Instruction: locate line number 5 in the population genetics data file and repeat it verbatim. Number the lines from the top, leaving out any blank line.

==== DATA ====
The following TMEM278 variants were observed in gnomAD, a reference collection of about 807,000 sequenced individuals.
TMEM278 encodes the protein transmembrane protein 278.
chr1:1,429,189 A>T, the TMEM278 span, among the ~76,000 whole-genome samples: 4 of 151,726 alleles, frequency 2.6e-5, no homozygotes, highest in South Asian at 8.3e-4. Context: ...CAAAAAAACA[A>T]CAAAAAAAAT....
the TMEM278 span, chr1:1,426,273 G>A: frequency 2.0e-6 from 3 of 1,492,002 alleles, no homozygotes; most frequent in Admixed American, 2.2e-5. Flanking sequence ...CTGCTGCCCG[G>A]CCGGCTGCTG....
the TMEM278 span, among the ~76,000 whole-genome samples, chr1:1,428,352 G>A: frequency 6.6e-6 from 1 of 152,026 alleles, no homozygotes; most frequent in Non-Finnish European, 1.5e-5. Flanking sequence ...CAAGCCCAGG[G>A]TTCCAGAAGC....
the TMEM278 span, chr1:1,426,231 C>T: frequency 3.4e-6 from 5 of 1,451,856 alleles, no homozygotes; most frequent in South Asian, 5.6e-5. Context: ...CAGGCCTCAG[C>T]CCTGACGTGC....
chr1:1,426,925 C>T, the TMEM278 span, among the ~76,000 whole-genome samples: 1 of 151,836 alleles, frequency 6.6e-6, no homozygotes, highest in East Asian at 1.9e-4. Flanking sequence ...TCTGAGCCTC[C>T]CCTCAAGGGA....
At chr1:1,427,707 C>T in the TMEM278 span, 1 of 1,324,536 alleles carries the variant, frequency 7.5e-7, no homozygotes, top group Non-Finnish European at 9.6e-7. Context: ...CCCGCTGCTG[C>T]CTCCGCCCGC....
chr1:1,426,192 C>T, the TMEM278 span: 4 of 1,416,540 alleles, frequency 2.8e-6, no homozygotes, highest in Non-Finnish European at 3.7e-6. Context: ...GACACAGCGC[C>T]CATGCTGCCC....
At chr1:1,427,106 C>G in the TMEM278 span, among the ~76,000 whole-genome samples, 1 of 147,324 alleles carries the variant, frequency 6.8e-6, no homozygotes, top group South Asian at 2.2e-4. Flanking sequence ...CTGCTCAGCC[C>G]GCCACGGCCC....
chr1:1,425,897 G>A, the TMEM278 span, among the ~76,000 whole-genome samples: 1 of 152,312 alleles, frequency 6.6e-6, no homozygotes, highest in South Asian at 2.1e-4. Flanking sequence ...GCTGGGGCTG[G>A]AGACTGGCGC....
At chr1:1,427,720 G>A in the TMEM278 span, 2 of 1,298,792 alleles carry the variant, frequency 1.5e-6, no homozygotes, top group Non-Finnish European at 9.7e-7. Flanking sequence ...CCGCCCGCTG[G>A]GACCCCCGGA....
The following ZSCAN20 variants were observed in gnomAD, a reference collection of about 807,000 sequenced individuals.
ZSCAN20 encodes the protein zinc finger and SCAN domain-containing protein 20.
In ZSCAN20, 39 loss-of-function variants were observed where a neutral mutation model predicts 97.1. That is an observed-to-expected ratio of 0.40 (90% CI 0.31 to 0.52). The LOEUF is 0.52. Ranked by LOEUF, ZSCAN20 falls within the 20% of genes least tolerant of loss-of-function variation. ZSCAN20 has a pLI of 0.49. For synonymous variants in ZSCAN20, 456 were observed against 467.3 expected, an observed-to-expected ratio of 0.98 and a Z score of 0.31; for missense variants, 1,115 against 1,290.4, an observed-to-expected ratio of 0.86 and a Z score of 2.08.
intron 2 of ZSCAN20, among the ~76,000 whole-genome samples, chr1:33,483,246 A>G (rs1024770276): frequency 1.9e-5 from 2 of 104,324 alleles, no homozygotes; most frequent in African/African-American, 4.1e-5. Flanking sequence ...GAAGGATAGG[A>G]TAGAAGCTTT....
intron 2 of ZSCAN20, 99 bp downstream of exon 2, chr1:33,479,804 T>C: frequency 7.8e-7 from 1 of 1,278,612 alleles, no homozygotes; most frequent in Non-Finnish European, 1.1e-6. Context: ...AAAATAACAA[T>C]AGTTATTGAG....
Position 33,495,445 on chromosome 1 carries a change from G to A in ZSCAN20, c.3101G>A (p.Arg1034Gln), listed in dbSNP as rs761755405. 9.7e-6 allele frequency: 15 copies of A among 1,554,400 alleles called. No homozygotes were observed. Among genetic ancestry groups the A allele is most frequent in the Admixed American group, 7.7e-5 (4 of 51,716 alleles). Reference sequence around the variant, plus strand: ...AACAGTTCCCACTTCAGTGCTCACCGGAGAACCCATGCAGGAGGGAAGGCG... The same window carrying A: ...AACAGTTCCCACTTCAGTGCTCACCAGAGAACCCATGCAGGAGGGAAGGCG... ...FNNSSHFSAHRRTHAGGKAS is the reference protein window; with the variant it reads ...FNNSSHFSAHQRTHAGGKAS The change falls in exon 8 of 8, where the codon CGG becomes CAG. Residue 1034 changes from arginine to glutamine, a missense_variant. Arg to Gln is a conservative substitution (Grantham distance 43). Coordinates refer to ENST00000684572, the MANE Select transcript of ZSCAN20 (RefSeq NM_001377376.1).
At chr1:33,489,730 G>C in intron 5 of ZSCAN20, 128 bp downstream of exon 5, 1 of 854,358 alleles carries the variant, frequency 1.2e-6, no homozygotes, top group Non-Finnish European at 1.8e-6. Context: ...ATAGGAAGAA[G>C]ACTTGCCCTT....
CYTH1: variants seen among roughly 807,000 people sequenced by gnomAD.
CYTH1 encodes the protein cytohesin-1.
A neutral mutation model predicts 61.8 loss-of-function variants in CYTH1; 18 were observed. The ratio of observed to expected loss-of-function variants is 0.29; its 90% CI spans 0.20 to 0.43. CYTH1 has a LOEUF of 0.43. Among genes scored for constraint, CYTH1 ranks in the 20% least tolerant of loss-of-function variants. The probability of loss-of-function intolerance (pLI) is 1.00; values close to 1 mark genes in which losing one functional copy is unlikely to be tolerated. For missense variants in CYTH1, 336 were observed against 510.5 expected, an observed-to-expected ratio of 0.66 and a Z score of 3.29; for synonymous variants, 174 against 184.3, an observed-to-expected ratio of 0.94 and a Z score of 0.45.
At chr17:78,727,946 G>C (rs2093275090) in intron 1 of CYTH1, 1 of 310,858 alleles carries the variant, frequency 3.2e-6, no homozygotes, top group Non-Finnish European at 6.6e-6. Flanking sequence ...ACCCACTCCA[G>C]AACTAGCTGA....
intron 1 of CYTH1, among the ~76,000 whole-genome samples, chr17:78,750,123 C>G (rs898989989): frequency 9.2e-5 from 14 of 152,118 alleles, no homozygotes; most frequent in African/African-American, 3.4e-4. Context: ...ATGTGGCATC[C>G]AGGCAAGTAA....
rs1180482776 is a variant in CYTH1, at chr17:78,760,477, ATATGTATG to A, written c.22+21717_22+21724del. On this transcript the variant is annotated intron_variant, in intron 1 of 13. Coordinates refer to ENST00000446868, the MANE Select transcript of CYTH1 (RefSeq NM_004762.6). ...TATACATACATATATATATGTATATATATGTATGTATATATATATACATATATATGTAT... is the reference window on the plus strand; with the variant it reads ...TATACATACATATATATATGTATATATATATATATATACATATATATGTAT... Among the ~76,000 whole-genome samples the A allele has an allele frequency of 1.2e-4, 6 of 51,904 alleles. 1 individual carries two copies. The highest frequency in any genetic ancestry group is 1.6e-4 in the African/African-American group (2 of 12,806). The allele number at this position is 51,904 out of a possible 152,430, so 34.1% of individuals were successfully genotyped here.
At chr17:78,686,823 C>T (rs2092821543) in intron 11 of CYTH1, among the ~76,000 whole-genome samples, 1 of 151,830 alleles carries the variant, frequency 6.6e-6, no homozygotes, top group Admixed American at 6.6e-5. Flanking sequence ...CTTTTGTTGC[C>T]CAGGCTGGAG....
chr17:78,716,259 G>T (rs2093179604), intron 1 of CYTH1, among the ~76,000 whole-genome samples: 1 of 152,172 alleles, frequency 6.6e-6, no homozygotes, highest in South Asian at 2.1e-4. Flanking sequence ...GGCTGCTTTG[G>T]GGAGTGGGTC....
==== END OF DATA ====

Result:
the TMEM278 span, among the ~76,000 whole-genome samples, chr1:1,428,352 G>A: frequency 6.6e-6 from 1 of 152,026 alleles, no homozygotes; most frequent in Non-Finnish European, 1.5e-5. Flanking sequence ...CAAGCCCAGG[G>A]TTCCAGAAGC....